[Taxacom] De-extinction & Rhachistia aldabrae
kwalker at museum.vic.gov.au
Thu Oct 23 18:15:36 CDT 2014
Thanks for your question and I am not surprised that you see no association between “"natural history amateurs” and “citizen science”. It is a typical scientific response.
I recently read a definition of “citizen science” used by the global biodiversity player “Earthwatch”. It read: “Citizen science is the structured research undertaken as an active partnership between scientists and the wider community”.
The world is awash with social media and yet many in the scientific community believe that without the overriding intervention of scientists to formulate structured research projects, then the independent efforts by amateurs is not real science.
One of the model project often quoted here in Australia as a good example of “citizen science” is the “Great Koala Count”. A scientific institution has developed a recording mobile phone/tablet app that “citizen scientists” download and then walk around recording where they see koalas. It also records the absence of records every 15 minutes. The project runs over a 2 week period and has been repeated over a number of years. The scientists love it – amateurs spending their time gathering distribution data about a single, easily identifiable taxon.
However, some of the amateurs who have contributed to this project have raised interesting issues.
1. No one can ask a question on the app. The scientists appear they are not willing to engage with the public.
2. The app itself does not deliver any results of the survey. Indeed, there is no link from the app to the website where the results are delivered.
3. The results website has simply reused an old survey excel format as for every record it repeats the name of the taxon recorded – A koala!
I define citizen science projects such as the “Great Koala Count” as a “Top Down” project and it fits perfectly with the definition of “citizen science” as used by Earthwatch. Personally, I prefer the “Bottom Up” approach to “citizen science” where amateurs employ serendipity to record and share data. I call this “adding value to a hobby” and that’s my “working” definition for “citizen science”.
Although there is now over 5 billion images on Facebook and Flickr, most natural history images on these sites are useless to science because: (1) They will rarely be identified; (2) They do not provide the minimum Darwin Core dataset of identification/spatial/temporal data; and (3) The data is never on-shared with biodiversity databases (such as ALA in OZ or globally GBIF).
However, when similar images are shared on “citizen science” websites dedicated to natural science (Project Noah, iNaturalist, iSpot, BowerBird etc) they impose the Darwin Core standards by insisting a record contains spatial/temporal data per record. With such data, observations using “macrophotography of "bugs": bigger, smaller, red, blue or yellow" are indeed good “citizen science” and do add value to biodiversity.
For me, the essence of science is making observations and asking questions. In my previous Taxacom post, I gave examples of serendipity leading to biosecurity action (Carder bee) and the finding of a presumed extinct insect (ladybeetle). In both these examples, the photographers noticed something that looked unusual, took an image, asked a question and shared their images on a “citizen science” website. Both records definitely caught the attention of scientists. For interest, here is a link to a distribution map on ALA for the exotic South African carder bee (Afranthidium repetitum) showing the “citizen science” records as the mostly northerly and most southerly dots on the map ( http://bie.ala.org.au/species/Afranthidium+repetitum ). Isn’t this a contribution to science? But, it did not begin that way when two “natural history amateurs” observed something and asked a question on a social website that engages the public with scientists. When do ““natural history amateurs” become “citizen science”?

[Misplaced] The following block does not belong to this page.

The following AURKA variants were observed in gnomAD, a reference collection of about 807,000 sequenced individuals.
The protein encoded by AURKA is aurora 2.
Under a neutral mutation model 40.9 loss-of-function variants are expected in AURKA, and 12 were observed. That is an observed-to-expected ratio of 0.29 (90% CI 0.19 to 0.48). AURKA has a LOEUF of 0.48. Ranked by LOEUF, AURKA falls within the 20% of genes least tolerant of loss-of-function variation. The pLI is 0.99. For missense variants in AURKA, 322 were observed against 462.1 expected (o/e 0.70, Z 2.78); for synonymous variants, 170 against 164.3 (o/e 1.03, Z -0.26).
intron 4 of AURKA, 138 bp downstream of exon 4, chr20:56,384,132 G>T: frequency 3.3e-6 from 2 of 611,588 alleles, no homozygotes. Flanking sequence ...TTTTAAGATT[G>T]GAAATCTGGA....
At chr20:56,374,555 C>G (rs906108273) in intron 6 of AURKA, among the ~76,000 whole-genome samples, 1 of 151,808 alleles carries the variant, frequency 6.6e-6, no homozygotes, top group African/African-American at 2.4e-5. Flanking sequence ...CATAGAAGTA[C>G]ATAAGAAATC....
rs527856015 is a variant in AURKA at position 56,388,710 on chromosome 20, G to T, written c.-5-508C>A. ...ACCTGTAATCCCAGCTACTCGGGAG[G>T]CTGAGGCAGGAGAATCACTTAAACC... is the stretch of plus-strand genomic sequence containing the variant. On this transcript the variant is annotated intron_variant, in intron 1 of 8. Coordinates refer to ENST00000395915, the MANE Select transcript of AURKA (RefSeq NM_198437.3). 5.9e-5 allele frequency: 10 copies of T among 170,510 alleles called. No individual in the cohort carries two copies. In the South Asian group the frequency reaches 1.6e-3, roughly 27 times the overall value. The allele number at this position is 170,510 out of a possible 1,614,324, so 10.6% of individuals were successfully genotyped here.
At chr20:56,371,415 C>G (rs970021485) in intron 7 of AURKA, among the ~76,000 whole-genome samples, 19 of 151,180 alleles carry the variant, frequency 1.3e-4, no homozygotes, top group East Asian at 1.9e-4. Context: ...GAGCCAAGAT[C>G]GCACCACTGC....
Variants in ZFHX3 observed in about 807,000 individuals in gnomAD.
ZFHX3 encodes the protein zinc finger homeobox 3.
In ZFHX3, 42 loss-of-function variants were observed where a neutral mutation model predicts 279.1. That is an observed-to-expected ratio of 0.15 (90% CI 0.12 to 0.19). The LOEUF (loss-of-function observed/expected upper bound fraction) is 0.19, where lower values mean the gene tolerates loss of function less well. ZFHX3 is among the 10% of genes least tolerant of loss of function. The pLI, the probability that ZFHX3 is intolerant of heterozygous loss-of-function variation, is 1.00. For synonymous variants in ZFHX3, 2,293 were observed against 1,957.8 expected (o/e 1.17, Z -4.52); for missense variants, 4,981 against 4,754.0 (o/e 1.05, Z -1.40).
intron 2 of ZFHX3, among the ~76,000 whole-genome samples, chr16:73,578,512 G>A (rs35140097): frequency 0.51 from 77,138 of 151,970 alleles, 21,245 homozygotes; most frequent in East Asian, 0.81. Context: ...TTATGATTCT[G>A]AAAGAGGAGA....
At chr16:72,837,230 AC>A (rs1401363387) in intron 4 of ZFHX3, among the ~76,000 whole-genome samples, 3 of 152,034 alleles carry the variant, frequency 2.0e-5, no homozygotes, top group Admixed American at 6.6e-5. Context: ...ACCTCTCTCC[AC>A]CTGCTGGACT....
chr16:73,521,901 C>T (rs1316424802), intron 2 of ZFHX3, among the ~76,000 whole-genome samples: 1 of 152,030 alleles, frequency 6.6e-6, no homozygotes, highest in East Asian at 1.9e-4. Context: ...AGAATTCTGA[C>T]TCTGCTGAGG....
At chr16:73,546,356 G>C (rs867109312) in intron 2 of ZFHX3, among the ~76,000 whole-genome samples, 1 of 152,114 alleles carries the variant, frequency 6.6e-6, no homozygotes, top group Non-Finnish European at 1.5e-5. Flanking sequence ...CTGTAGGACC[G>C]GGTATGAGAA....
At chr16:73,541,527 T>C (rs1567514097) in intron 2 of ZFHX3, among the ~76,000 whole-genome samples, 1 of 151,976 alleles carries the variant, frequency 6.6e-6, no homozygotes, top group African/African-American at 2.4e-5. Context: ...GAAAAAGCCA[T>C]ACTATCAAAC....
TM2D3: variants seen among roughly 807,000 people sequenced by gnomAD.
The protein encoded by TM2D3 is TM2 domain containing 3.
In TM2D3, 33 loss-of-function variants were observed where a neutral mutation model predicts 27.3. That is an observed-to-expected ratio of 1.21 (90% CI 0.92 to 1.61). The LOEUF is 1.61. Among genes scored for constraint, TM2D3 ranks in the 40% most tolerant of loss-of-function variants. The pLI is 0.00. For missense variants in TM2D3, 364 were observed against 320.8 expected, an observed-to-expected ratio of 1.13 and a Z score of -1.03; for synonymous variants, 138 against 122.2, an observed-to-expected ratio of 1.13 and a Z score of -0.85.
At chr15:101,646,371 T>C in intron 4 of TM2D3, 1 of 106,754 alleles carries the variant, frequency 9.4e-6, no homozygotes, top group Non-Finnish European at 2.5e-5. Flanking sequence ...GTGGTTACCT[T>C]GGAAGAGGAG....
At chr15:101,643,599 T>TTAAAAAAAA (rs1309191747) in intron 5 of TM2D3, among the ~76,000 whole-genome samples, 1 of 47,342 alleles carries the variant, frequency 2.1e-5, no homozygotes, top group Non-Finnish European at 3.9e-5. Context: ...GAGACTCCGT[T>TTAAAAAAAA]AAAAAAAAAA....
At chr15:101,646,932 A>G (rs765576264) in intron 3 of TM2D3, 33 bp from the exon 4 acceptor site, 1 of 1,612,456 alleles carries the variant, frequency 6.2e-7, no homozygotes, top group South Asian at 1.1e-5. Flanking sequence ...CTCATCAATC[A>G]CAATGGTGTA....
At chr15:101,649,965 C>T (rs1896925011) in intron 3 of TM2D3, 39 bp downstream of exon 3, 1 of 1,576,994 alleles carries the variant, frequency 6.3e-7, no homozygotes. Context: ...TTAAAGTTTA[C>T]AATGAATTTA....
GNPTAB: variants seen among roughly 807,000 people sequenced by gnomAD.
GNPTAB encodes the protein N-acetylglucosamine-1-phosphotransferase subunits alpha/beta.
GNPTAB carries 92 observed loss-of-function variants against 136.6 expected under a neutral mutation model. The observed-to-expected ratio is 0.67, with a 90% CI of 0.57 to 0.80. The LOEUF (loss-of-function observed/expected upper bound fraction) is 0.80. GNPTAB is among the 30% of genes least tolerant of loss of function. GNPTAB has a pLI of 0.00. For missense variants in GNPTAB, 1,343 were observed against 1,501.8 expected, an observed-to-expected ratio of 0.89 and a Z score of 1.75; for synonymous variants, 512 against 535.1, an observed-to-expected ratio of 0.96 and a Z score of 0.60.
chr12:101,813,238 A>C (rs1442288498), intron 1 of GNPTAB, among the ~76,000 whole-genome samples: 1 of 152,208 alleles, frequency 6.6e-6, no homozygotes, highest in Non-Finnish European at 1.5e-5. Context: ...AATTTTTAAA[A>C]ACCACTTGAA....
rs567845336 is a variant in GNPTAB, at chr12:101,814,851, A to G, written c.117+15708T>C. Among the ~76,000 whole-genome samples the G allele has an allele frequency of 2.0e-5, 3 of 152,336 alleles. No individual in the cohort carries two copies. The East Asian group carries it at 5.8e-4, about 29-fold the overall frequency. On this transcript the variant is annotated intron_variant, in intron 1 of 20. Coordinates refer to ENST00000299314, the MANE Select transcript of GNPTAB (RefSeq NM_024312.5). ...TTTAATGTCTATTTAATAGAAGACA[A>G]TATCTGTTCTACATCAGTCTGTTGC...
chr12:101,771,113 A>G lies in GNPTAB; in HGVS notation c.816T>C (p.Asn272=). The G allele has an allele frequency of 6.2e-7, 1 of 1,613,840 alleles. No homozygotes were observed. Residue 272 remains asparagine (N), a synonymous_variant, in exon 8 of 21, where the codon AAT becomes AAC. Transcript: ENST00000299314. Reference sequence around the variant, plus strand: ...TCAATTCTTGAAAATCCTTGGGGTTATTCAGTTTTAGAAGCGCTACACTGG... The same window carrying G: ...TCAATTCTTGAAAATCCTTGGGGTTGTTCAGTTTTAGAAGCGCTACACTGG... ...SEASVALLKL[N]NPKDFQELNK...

Why do scientists have problems accepting the value of this form of data recording? Why are scientists hesitant to use the most effective marketing tools currently on the planet – social media? I can tell you that dealing directly with the general public is a lot more “scary” than writing Taxacom posts.
To finish, I will relate a colleague’s reluctance to engage with a socially interactive citizen science website. When I asked him for his assistance to identify animals within his speciality and he works at a publically funded institution, he refused because he said: “I do not want any member of the public challenging my identifications.” How typical is this of the general scientific community?
I hope I have answered your question: “This made no reference to 'citizen science' and I did not see any implication of such.” Perhaps I live on planet X but I do see a reference or an implication to “citizen science” in Jason’s post.
From: John Grehan [mailto:calabar.john at gmail.com]
Sent: Friday, 24 October 2014 12:51 AM
To: Walker, Ken
Cc: JF Mate; Taxacom
Subject: Re: [Taxacom] De-extinction & Rhachistia aldabrae
Admittedly I only read postings in a fragmentary way and I know I sometimes miss items, but I am confused by your reference to Jason Mate saying the the efforts of citizen science can be dismissed as " are taking pictures of "bugs": bigger, smaller, red, blue or yellow." What I read was that he said that "The decline in "natural history" amateurs is global and cannot be compensated by the explosion of macrophotography since they (mostly) are taking pictures of "bugs": bigger, smaller, red, blue or yellow." This made no reference to 'citizen science' and I did not see any implication of such. It was only a criticism of a particular mode of information gathering or sharing. I would be grateful therefore for how you made that link the way you did.
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